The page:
How does VC investing differ from angel investing in your experience? Is it just the ability to write larger checks and having LPs, or something more?
Angel investing for some folks is more of a hobby than anything else. Angel checks have been over the last number of years known, for the most part, as “dumb money.” I think that’s been both hurting and helping the industry, though mostly hurting it, because companies that shouldn’t get funded are getting funded by angel investors that just don’t get it. They don’t have time to study the spaces, they don’t have enough data around competition, they don’t have time to spend with companies in order to help them as much as possible.
There’s been a lot of dumb money in the system for the last number of years. When angel investors end up coming into an investment, typically they come in before we do. They typically come in the pre-seed or friends and family round.
They’ve done a couple things by that point. Many angels don’t understand how to negotiate terms the right way, so you constantly have to go back to the drawing board because thing weren’t set up the right way, or think about valuations or caps the right way. That being said, angel investors are a very important part of the ecosystem as they typically take the most risk in deals that are just too early for typical venture funds.
With angel investing you’re writing smaller checks, typically, and entrepreneurs tend to take you less seriously, because you’re one of the many people on their cap table.
Investing as a VC is a lot more impactful. VCs have scalable practices. We know our bread and butter is taking a company from their seed round to a really great Series A from a position of strength. Now, that’s not the goal, but if we can get a company from Seed to a great Series A through our program, which we’ve done that a bunch of times already, we set them up on the right path for success. You can’t really do that as an angel investor because you don’t have a scalable practice and process.
We also have a pretty large team around us. We have venture partners and advisors who are experts in specific industries. They help our portfolio companies. As angels you don’t have that dedicated practice and that institutional model of helping companies.
We have 23 companies in Indicator Ventures’ Fund 1. We have built a practice; this is what we do full time, whereas with angels, it’s not typically what they’re doing full time. Your life has to be venture if you’re a venture investor, everything you do needs to be about it, around it, speaking to potential customers for your companies, helping them fundraise, helping them story-tell, productize – if we’re not full time, we’re really just a check and most angels tend to fall into that.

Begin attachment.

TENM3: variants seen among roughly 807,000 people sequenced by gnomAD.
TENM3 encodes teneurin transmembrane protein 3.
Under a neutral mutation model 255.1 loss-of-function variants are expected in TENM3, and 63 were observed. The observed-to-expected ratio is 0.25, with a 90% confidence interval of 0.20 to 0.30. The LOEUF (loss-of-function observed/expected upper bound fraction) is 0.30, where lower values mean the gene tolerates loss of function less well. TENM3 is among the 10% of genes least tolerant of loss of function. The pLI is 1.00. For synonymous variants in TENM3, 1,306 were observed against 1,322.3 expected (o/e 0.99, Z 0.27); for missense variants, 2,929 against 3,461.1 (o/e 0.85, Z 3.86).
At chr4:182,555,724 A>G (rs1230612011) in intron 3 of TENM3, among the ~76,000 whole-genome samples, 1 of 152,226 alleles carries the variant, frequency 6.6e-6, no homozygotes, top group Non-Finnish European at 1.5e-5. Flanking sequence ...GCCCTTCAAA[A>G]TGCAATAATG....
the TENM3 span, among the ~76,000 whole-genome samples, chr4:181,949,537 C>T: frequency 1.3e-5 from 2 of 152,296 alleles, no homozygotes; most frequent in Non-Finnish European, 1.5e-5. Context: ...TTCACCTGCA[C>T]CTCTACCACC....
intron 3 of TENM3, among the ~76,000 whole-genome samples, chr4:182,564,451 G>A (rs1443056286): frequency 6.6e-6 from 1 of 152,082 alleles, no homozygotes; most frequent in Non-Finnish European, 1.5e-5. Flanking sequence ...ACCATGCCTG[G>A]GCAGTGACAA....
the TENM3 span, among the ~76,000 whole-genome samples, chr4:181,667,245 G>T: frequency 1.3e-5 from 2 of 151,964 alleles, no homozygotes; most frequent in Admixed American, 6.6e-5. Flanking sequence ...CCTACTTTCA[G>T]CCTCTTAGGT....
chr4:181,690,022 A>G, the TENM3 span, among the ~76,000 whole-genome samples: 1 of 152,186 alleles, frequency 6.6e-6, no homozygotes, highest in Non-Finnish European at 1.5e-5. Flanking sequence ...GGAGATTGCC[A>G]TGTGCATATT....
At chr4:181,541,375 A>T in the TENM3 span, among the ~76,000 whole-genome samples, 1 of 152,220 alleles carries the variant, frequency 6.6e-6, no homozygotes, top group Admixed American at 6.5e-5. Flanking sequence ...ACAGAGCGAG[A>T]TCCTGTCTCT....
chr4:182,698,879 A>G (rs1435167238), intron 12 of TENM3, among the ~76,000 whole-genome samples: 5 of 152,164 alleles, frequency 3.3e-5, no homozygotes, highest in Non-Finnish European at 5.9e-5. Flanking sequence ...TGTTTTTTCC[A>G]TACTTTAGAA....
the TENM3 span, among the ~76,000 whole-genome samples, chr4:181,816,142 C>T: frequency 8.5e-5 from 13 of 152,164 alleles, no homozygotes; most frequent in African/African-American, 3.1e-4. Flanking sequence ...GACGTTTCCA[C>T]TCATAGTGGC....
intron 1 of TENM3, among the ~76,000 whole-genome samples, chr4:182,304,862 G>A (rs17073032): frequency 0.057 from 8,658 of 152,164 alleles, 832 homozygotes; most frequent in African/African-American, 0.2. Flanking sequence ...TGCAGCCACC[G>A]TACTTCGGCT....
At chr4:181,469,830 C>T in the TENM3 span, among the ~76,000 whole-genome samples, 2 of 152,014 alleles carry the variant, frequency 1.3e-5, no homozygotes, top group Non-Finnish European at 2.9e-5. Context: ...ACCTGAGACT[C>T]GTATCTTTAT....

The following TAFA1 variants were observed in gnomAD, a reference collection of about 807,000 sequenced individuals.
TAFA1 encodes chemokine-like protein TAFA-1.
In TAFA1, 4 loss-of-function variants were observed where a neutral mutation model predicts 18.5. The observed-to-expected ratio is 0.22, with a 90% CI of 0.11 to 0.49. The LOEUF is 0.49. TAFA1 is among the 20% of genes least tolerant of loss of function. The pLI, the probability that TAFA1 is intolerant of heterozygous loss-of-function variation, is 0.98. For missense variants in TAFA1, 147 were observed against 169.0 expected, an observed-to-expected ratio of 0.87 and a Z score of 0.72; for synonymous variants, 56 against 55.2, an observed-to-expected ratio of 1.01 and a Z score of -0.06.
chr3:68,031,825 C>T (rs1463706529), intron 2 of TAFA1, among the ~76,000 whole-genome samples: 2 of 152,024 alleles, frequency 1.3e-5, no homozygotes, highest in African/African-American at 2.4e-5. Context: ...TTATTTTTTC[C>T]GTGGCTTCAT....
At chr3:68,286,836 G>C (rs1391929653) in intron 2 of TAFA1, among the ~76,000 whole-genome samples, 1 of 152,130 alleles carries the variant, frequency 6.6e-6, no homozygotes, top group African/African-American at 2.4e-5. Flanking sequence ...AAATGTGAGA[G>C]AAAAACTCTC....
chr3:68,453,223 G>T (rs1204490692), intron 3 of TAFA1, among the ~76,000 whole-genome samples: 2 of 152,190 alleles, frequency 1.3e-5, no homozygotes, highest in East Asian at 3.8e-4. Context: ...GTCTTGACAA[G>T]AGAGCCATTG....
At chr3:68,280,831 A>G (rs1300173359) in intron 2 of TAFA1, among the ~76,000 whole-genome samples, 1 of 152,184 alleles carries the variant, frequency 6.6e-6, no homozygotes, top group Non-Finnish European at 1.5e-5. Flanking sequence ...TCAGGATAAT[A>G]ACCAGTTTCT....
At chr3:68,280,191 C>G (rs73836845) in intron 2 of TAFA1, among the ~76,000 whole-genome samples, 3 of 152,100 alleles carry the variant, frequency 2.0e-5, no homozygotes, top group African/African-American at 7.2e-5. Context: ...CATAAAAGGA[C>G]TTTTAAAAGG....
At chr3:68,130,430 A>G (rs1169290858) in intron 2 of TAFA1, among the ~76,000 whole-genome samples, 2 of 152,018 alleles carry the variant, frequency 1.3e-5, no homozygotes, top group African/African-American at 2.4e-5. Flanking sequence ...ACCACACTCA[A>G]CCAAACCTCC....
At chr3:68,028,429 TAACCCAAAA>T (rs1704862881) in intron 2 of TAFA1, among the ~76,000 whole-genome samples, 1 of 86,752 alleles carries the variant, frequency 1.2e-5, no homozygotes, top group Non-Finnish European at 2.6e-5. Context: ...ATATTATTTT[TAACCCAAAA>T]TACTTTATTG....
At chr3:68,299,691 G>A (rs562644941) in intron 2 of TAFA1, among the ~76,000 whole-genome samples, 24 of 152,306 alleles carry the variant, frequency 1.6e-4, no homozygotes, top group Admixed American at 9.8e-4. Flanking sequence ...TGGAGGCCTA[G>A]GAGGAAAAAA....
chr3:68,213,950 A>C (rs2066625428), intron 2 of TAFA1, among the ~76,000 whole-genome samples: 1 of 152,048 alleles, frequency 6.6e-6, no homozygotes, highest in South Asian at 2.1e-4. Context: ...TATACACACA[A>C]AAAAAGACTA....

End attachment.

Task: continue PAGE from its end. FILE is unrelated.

I’m not saying it’s bad to raise from angels, it’s just they don’t have that scalable model that they can help you through to lead you in the right direction.
Thinking about the angel who can participate at the pre-Seed level but cannot participate meaningfully later on, I wonder what future funds may hold for Indicator. You’re Seed-focused currently. With later funds would you aim to lead later stage deals?
We are Seed-focused. We do participate in Series As and Bs for our companies, but we have started to establish ourselves as a firm that invests in your seed round and helps you get to that next level, both from a product and a customer perspective, and also from a funding perspective. We want entrepreneurs to look at us and say if we go through the right processes and time and take a check from Indicator, the odds of me raising a great Series A and ultimately success are higher.
We’ll occasionally do Series A in certain deals but those are outliers. Our real bread and butter is taking companies from Seed to Series A. I believe we have 65-70% of our companies that went from Seed to successful Series A or acquisition.
Our future funds will be the exact same model. We like to stick with what we know and what we are good at.
The website notes somewhat coyly, “it’s not always the revolutionary technology that represents the largest opportunity.” What’s an example of a non-revolutionary technology that produced a “largest opportunity” so to speak, and what are the implications for the sorts of companies and founders you look for?
I’ll give an example from our portfolio. One of our companies is a company called Lob. What Lob does is, they created a suite of APIs to enable printing and mailing at scale. The idea is, you should be able to send direct mail as easily as you send email. That’s an innovative technology, but that’s not recreating the wheel. Incredible business, they’re rocking, they are enabling massive digital efficiencies. They save a ton of time and a ton of money for businesses. If I can send direct mail one at a time, automate it and make it cheaper than the traditional way, it’s a huge opportunity.
It’s not the most game-changing technology. I love APIs they have incredible margins and a network of amazing printers, but the team, the execution and the industry were really important, versus the technology.
Again, it goes back to that efficiency multiplier. It adds 10-20x to the current solution. It doesn’t matter if it’s the most innovative technology, what matters is, does it solve its problem by a lot, and will it continue to solve it as technology evolves?
Take us inside the inner workings of a VC. Indicator has three co-founders and General Partners – how did the three of you come together and how do you split out the responsibilities?